This directive has come from the State Bank of Vietnam, although the promotion of consumer loans at this point of time comes with many risks. It is currently difficult to forecast or predict any outcome of this move to stimulate the economy.
Low interest rates
Recently, the Bank for Investment and Development of Vietnam (BIDV) announced a package of VND 30,000 bn for loans to individual customers with an interest rate rate reduced by about 0.5% per year. BIDV will apply interest rate from 5.5% per year on loans for less than six month-term, and 6% per year interest on loans for six to twelve-month terms, until the end of September. Previously, BIDV had further reduced the interest rate for medium and long-term loans by 0.1% to 0.2% per year on housing loans, car loans and long-term loans for production and businesses.
At the Saigon-Hanoi Commercial Joint Stock Bank (SHB), individuals have the opportunity to approach for a business loan package at an interest rate from 9.6% per year to 8.4% per year. For consumer loans, SHB has reduced interest rates for real estate purchases, from 7.5% per year to 6.5% per year, and for housing loans and car loans, the rate has dropped from 7.7% per year to 6.8% per year.
Viet Capital Bank has also announced about VND 3,500 bn for consumer loans with many preferential interest rates of 7.99% per year for individuals for production and business; 8.09% per year for real estate; and from 8.69% per year for building and repairing of houses. LienVietPostBank is giving loans to buy real estate, and for the building and repairing of houses at a preferential interest rate of 7.5% per year, and consumer loans with collateral at 8.2% interest per year. Some other banks such as Orient Commercial Joint Stock Bank (OCB) and Shinhan Bank are also offering consumer loans at very low interest rates.
After the first outbreak of the Covid-19 pandemic, it is being seen that banks have actively restructured their repayment terms, exempted and reduced interest rates and fees, and kept the debt group intact to support customers, as per Circular 01 of the State Bank of Vietnam. Banks have also launched support packages worth hundreds of thousands of billion dong, mainly to support enterprises. However, according to many businesses, the effectiveness of these support packages may not be as expected because resources are limited, and it is not possible to support all the current needs of enterprises. In order to overcome this shortcoming, some policies to stimulate domestic consumer demand, expand the domestic market, and support production and business enterprises have been offered.
The State Bank of Vietnam has asked credit institutions, consumer finance companies and banks, to offer credit packages at very reasonable interest rates to serve the current valid needs of the people with simplified procedures in accordance with the law, in the last six months of 2020. This is why so many promotional credit packages and low interest rates are currently on offer for individual customers.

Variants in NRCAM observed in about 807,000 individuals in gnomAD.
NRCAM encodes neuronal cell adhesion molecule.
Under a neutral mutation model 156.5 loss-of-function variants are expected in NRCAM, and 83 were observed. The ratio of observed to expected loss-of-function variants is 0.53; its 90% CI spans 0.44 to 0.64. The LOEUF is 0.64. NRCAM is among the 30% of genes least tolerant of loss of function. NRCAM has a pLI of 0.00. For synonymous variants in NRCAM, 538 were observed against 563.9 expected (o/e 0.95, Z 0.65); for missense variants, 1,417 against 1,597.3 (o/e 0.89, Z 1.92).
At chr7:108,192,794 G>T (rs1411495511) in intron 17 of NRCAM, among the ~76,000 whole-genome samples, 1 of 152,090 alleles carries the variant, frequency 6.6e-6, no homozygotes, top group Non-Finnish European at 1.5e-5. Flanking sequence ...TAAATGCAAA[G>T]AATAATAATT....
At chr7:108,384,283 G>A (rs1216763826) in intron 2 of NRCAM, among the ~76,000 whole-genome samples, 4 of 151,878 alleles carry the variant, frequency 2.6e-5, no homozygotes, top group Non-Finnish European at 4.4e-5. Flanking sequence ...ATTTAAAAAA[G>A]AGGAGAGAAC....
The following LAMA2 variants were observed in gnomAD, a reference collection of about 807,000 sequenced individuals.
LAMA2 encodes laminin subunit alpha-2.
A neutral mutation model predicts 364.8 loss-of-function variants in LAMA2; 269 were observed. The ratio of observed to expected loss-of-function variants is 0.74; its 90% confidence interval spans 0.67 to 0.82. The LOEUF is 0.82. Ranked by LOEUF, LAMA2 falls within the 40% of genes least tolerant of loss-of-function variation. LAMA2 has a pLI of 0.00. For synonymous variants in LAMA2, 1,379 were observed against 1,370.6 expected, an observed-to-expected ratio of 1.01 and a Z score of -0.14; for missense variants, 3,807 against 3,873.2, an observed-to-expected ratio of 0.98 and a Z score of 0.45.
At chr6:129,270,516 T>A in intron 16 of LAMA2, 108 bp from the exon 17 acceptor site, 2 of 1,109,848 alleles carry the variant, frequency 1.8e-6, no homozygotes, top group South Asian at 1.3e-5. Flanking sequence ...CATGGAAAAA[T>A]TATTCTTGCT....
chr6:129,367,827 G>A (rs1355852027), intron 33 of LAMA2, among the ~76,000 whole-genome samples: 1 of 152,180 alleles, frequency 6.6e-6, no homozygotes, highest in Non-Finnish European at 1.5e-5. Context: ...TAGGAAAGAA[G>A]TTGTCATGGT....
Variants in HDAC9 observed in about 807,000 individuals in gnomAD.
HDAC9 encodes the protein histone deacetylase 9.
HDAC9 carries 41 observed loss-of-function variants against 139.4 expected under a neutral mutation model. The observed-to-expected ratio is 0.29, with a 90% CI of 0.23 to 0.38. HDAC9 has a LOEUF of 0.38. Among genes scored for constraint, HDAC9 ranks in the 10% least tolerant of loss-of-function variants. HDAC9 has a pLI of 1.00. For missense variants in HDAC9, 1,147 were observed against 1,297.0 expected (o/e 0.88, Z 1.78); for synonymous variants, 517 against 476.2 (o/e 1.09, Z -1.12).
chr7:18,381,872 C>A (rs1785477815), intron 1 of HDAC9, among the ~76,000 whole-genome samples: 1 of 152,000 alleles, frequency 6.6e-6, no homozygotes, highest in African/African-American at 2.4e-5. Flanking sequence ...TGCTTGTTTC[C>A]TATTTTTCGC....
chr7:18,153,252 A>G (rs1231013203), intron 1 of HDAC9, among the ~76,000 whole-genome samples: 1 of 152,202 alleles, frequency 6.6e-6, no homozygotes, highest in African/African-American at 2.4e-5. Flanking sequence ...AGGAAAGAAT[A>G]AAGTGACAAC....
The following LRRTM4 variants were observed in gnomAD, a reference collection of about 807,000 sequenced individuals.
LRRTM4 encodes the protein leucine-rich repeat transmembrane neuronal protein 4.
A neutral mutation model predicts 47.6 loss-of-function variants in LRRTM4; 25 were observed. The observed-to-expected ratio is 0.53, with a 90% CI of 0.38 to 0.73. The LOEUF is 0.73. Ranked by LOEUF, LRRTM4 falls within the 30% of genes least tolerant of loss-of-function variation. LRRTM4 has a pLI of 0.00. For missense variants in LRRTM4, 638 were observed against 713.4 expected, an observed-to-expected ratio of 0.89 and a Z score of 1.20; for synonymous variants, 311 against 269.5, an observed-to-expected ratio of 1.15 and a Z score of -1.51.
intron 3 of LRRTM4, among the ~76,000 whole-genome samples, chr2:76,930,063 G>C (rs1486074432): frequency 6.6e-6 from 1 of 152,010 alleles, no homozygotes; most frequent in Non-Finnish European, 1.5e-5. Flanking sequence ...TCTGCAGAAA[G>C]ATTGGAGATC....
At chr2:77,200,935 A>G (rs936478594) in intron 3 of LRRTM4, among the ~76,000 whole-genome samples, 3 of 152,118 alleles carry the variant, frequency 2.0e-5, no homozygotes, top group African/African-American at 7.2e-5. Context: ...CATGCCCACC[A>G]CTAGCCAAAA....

Many banks are looking at improving profits by reducing wholesales but increasing retail sales. However, according to one financial expert, consumer credit has many limitations because of an increase in the number of people being laid off in jobs, thinner cash reserves of such people, and a huge decline in sources of income. In fact, increase in consumer credit has been seen as a high risk for many years. During the period 2012 to 2018, consumer credit increased sharply by 40% per year on an average, though with a slight slowdown in 2019. This rapid and strong development of individual and household credit led to an increase in bad debts and a majority of banks had a higher non-performing loan ratio (NPL) than the general average.
Increasing consumer loan is seen as viable when Vietnam's economic growth is relatively high and stable, disposable income is increasing, and the consumer behavior of the Vietnamese people is changing favourably. However, on an international level, the International Monetary Fund (IMF) always warns against excessive short-term household loans in emerging countries. According to the IMF, a 5% increase in household debts over a three-year period will reduce GDP growth by 1.25%. Countries such as China, South Korea, Japan, Australia, and Thailand have experienced a period of strong household credit growth, followed by an increase in risks because of higher debt burden as opposed to disposable income. At the same time, this is accompanied by increased risk of bad debts in recession times, decline in property market, and a low job market and loss in income.
Vietnamese policymakers are concerned about this situation. In 2019, the State Bank of Vietnam had tightened personal lending to minimize risks through the issuance of Circular 18/2019 that amended the earlier Circular 46/2016. This called for regulating consumer loans by finance companies. Also, Circular 22/2019 regulated safe rate limits in all banking operations. The State Bank of Vietnam also conducted surprise checks and inspections of units holding large loan balances with high lending rates. As consumer loans are mostly unsecured, simple loan procedures are not strict and it is difficult to control the capital flow. Some customers take advantage of such loan procedures to speculate on real estate ventures at huge potential risks.
Despite the many risks that come with increase in consumer credit, in the current difficult period of the Covid-19 pandemic, such credit could infuse a much needed stimulant in consumer spending, support growth, and create a steady profit flow for commercial banks.